November 4th, 2015

Cyber Risks: Aggregation, Part I

Posted at 1:00 AM ET

Businesses and (re)insurers should be concerned by risk aggregation, given the possibility of single attacks leading to losses across a large number of firms, which can create counter-party risk for the insured and potential failure for the insurer. At the moment, a large systemic event has not materialized, but that does not mean that the risk is not present.

While some market participants have suggested that a possible government backstop may be necessary, there is no conclusive evidence of the need for such a solution at present. Where a government “pool” might be required is in the area of “systemic” losses that could potentially exceed the resources of the insurance industry, as with terrorism or flood. However, the establishment of such pools requires a clear articulation of the systemic peril, as well as a significant market dysfunction, which is generating a meaningful consumer response. Cyber is not yet at this stage. One of the roles for the data pooling forum described above will be to improve insights on aggregation risk and cyber disaster scenarios. The insurance sector will continue industry discussion on market capacity and the cyber risk pool.

Therefore without the governmental back-stop and the industry’s ability to address/absorb these risks in the marketplace through traditional insurance products and risk transfer methods, cyber risk has become a factor for rating agency evaluations:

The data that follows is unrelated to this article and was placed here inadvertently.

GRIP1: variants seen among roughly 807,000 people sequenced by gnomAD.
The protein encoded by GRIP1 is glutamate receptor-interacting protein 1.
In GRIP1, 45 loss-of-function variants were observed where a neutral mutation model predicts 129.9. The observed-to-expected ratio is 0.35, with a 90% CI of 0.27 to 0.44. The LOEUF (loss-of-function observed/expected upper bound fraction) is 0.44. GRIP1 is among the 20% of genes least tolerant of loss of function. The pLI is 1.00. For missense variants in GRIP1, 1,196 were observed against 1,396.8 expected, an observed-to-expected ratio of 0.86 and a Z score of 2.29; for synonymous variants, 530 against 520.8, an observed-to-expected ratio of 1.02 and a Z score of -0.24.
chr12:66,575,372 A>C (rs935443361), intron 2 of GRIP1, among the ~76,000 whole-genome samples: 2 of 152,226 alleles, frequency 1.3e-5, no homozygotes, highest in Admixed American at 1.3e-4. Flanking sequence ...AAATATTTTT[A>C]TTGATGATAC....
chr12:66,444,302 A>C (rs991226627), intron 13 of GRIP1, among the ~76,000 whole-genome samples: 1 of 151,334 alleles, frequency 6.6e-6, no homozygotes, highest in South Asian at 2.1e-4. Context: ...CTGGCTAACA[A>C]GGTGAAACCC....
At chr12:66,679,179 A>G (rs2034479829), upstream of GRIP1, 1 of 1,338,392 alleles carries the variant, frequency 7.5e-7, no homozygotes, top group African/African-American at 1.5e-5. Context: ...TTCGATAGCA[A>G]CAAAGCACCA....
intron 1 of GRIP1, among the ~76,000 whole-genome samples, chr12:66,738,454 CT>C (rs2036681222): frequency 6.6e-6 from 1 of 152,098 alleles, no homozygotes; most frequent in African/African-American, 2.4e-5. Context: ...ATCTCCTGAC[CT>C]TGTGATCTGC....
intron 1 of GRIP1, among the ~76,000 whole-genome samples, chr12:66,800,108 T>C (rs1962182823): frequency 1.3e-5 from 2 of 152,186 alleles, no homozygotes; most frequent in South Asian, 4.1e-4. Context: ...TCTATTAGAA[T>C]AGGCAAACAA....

• Fitch Ratings recently stated that “the potential for any future credit impact to major providers is kept in check by the still relatively small size of the cyber-related insurance market.” Fitch also noted that it is “less clear how loss aggregation could play out under a severe cyber-attack that leads to insurable events covered by non-cyber related catastrophe policies, including standard commercial liability, business interruption and professional liability.”
  • A.M. Best indicated that it will ask:
  • Specific questions on cyber risk on its Supplemental Rating Questionnaire.
  • How the policy is sold - whether it is standalone or as a sublimit within another policy.
  • Enquire about lines of business and types of coverage purchased, such as business interruption or theft of cyber assets.
  • In meetings with rating analysts, there will be questions, such as whether the client has ever been the target of a cyber-breach or attack and where responsibility lies within the organization when it comes to managing cyber related risks. There will also be a focus on premium and loss expectations for cyber risk as well as estimated costs for crisis services and legal defense (1).

With the increased scrutiny from these types of outside institutions, (re)insurers will need to quantify and address these questions in the future to ensure they are viewed favorably.

Link to Part II>>

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Note:

1. A.M. Best Insurance Industry Update IASA NY/NY Chapter May 18, 2015.

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